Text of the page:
CIVIL PROCEDURE BACK TO BASICS 78: NO DUTY ON AN INJURED CLAIMANT TO USE THE NATIONAL HEALTH SERVICE

This post is due to a tweet someone copied me in on this morning.  The issue was, ostensibly, one of general damages in a personal injury case.  An insurer was refusing to pay the costs of private treatment  – stating the claimant should use the NHS. The claimant was, therefore, suffering for a longer period of time waiting for treatment on the NHS. The question posed was whether this could lead to a higher award for damages for pain and suffering.   The truly surprising matter here, however, was the assertion being made that the claimant should use the NHS.  This ignores the provisions of  The Law Reform (Personal Injuries) Act 1948, s.2(4).

 

SECTION 2 (4)

All the costs of medical treatment, travel to treatment and private care are recoverable providing they are ‘reasonable’. The claimant is under no duty to use the National Health Service. The Law Reform (Personal Injuries) Act 1948, s 2(4) states:

‘‘in an action for damages for personal injuries … there shall be disregarded, in determining the reasonableness of any expenses, the possibility of avoiding those expenses or part of them by taking advantage of facilities under the National Health Service.’’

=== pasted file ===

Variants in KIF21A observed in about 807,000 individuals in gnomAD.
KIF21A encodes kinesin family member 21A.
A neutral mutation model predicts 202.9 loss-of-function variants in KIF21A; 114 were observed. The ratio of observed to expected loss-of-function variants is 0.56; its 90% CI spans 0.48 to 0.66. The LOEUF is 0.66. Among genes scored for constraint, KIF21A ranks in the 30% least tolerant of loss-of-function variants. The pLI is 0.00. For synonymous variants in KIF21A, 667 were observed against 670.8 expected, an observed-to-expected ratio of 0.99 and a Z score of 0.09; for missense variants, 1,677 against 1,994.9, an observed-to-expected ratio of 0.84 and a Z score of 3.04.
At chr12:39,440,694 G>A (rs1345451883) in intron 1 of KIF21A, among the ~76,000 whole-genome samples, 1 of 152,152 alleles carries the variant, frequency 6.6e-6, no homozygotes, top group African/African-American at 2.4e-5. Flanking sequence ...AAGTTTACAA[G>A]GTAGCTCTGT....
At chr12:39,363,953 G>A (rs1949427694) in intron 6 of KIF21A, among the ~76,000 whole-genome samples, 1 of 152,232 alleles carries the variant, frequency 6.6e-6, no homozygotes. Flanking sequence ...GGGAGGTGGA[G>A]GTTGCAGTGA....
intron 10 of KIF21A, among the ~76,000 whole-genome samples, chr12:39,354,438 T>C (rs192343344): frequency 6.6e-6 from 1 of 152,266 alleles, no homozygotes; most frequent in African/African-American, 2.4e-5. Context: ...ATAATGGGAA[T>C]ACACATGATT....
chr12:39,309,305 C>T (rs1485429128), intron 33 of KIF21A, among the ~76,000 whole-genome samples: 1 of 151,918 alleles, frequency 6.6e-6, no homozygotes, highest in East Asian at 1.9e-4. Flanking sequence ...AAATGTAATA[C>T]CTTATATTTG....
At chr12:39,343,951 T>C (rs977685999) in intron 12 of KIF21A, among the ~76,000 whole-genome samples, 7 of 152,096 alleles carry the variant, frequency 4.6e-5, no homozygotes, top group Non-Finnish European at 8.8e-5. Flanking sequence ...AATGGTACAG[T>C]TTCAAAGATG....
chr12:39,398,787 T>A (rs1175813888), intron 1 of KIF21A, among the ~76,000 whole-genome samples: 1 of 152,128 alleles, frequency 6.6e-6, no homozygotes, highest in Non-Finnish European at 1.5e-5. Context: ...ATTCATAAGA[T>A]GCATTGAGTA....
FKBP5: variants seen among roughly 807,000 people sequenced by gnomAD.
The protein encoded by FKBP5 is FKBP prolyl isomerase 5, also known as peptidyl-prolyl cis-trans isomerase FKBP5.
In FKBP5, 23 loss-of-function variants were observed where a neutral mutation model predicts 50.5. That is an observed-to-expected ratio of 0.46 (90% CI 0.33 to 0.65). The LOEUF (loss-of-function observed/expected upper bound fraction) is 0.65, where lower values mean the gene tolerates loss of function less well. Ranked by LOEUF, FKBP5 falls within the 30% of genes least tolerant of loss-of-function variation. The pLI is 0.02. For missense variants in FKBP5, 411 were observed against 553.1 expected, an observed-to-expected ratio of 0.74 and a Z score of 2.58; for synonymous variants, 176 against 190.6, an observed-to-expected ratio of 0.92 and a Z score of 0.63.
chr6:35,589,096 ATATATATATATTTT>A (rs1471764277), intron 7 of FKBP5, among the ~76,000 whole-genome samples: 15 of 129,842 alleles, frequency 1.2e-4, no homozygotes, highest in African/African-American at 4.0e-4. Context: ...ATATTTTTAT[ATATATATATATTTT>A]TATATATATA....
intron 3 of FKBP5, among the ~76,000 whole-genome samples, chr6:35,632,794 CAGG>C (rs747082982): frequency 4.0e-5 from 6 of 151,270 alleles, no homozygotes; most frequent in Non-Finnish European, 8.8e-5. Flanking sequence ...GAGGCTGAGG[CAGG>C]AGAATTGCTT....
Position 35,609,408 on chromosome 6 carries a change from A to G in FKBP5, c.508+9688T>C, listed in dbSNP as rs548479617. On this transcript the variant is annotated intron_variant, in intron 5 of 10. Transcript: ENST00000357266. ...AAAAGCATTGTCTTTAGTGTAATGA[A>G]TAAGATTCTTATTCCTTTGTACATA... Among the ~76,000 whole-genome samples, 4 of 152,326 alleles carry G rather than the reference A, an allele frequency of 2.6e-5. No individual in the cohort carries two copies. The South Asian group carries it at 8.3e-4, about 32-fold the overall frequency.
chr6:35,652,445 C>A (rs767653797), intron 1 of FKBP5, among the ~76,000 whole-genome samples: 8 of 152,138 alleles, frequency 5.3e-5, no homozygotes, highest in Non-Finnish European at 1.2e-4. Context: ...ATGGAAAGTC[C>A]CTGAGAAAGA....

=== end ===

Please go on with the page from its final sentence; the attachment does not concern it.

LAW COMMISSION REPORT

The Law Commission found that only a very small percentage of claimants used private care: Law Com no 262, para 2.4.

THE COURT HAS TO BE SATISFIED THAT THE COSTS WILL, ACTUALLY, BE INCURRED

Damages will not, however, be awarded if it is unlikely that the costs will be incurred: Harris v Bright’s Asphalt Contractors Ltd [1953] 1 QB 617, [1953] 1 All ER 395, QBD. The Law Reform (Personal Injuries) Act 1948, s 2(4) means that the defendant cannot argue that the claimant should have used the National Health Service; however, the defendant can argue that the claimant is unlikely to incur the expenses. In Woodrup v Nicol [1993] PIQR Q104 at Q114, CA Russell LJ stated:

‘‘… if, on the balance of probabilities, a plaintiff is going to use private medicine in the future as a matter of choice, the defendant cannot contend that the claim should be disallowed because National Health Services are available. On the other hand, if, on the balance of probabilities, private facilities are not going to be used, for whatever reason, the plaintiff is not entitled to claim for an expense which he is not going to incur. That view, in my judgment, is amply borne out by authority.’’

In Woodrup v Nicol [1993] PIQR Q104, CA it was held, on the balance or probabilities, that one half of the physiotherapy costs would be obtained privately and the other half from the National Health Service. The plaintiff was entitled to half the physiotherapy costs claimed.

These matters are set out in chapter 8 of Munkman  and Exall on Damages (14th ed).